Hunger Still Affects Millions of Americans
About six blocks west of the White House, I spotted a man recently who appeared to be in his late 40s or early 50s rummaging through a garbage bin, apparently in search of food. Seconds later, I saw him look through to a second pile of trash. That's when I made a sharp turn, hopped out of my car, and gave him a $20 bill.
"Brother, you don't have to do that," I said. On the edge of tears, he thanked me and headed for a nearby store.
I am not recounting this story to receive a pat on the back or because I think I've done something noble. Rather, I am sharing it because it is a scene that is repeated thousands of times each day. Because we almost have to step over homeless people to enter a downtown business establishment or we have perfected the art of seeing and not seeing at the same time, we choose to ignore the suffering that surrounds us.
I am embarrassed to admit that I was not always so quick to come to the aid of my fellow citizens. Yes, I donate to several charities and tithe on Sundays, but I, too, had become somewhat immune -- actually, insensitive -- to some of the homeless' suffering. But a young child in St. Louis changed that. I was with Lillian Villars, whom I was dating at the time, and her daughter, April, who must have been about 9 or 10 years old. We were riding down North Kings Highway when April noticed a man pulling a white plastic cup from a garbage bin and drinking the contents.
"Look at that," April said in disbelief. "We ought to give him something."
Without thinking, I replied, "We can't help every person on the street."
April persisted, "But he's eating out of a garbage can." Point well taken. We pulled over and gave the man some money. I thanked April for restoring my humanity.
After 11 years as a reporter for the St. Louis Post-Dispatch, I joined the Chicago Tribune, serving as a Washington correspondent and later as a New York bureau chief. I was leaving my office in the old New York Daily News building on East 42nd Street late one rainy night when I saw a couple going through a huge pile of garbage in plastic bags on the edge of a curb. This time, I did not hesitate. I gave them $20 and they thanked me. After walking a block, I looked back and they were actually dancing, happy to have some money.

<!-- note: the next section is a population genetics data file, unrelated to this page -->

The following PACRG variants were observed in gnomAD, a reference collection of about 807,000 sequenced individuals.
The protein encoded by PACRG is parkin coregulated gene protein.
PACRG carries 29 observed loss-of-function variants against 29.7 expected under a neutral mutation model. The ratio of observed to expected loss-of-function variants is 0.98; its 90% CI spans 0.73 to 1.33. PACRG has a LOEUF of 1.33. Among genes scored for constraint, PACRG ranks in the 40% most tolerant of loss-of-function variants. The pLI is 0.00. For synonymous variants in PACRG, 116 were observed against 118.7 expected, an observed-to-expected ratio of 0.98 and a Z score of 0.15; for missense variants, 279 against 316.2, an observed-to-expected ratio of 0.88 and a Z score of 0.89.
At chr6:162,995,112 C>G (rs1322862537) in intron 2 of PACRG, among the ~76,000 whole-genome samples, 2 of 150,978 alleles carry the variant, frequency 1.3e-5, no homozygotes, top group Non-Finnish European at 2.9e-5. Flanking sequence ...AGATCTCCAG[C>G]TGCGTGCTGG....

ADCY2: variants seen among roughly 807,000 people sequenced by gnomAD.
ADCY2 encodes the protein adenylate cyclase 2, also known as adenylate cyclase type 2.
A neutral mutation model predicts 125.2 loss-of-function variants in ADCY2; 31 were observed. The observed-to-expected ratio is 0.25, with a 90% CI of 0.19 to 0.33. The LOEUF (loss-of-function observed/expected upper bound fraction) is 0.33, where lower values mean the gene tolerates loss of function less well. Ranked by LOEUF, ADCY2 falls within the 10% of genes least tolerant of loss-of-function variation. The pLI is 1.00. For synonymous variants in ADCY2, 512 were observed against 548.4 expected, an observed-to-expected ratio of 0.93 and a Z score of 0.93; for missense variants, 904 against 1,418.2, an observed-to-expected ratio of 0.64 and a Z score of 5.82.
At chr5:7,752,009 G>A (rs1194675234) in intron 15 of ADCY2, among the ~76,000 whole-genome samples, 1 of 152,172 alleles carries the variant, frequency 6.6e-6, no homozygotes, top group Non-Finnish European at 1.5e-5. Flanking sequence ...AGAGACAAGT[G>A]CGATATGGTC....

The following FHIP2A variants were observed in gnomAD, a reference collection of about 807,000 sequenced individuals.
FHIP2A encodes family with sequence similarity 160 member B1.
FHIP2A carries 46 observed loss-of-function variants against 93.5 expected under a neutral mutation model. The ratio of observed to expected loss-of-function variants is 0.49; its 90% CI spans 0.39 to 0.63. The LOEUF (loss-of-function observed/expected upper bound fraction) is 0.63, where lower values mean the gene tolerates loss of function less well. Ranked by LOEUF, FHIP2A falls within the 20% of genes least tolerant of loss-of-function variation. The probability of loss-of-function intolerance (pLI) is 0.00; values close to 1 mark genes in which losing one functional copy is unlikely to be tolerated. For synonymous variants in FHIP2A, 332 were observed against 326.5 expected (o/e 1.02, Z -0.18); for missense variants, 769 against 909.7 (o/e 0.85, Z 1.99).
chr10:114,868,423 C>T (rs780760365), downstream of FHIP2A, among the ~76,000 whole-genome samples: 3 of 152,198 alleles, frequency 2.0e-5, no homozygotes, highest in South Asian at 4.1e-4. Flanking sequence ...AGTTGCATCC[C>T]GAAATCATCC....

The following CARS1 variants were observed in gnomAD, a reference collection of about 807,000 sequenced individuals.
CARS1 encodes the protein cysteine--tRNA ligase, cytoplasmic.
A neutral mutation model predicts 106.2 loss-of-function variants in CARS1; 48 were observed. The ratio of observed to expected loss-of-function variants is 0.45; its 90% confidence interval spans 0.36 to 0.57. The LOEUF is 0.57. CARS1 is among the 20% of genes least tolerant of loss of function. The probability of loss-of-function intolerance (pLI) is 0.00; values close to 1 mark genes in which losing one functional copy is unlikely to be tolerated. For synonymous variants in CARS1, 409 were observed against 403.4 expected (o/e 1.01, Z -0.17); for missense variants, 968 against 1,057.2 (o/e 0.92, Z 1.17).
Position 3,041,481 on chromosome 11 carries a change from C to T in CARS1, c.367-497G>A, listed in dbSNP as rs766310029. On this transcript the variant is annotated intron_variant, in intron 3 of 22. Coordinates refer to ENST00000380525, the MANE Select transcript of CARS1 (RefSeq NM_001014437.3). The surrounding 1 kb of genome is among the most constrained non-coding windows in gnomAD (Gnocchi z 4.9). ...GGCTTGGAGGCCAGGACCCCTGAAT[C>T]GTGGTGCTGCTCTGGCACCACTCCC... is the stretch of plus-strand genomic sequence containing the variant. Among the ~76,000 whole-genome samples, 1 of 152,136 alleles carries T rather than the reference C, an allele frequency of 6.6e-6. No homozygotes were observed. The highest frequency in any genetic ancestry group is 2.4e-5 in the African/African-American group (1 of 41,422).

Hunger in America is real. And not everyone asking for help on the street is interested in conning the public or in heading to the nearest liquor store when someone gives them spare change.
Those of us who live in the most affluent country on earth tend to overlook hunger and poverty among us. When we think of hunger, we conjure up images of famine in Africa or India. Indeed, hunger is a global issue, with 852 million people in the world going hungry, according to Bread for the World. In developing countries, six million children die each year, mostly from hunger-related causes. Sub-Saharan Africa is the only region in the world where hunger is on the rise, with 204 million hungry.
Even with safety net programs in place for the poor, such as free school breakfast and lunch programs, hunger is also a problem in the United States.
According to the U.S. Department of Agriculture, 35.1 million people -- including 12.4 million children -- live in households that frequently experience hunger or risk hunger. This means 11 percent of all U.S. households fall into this category. Almost 11 million people – including 606,000 children -- live in U.S. households that frequently skip meals, consume an inadequate supply of food or don't eat for an entire day.
Local government officials confirm the federal assessment of hunger.
Last year, the U.S. Conference of Mayors noted a 7-percent increase in the requests for emergency food assistance. Because of the rising demand for emergency food assistance, 45 percent of the mayors said they were unable to meet their community's food needs. Equally important, 63 percent of those polled said they had to decrease the amount of food given out or reduce the number of times people can receive food.
The hunger problem involves more than food. The United States has the highest wage inequity in the industrialized world. That means that even when people have jobs, often the pay is too low for them to properly feed their families. This country must provide well-paying jobs and expanded opportunities for the poor if it really wants to address the issue. Until we do that, we'll continue to see people eating out of garbage receptacles.
George E. Curry, former editor-in-chief of Emerge magazine and the NNPA News Service, is a keynote speaker, moderator and media coach.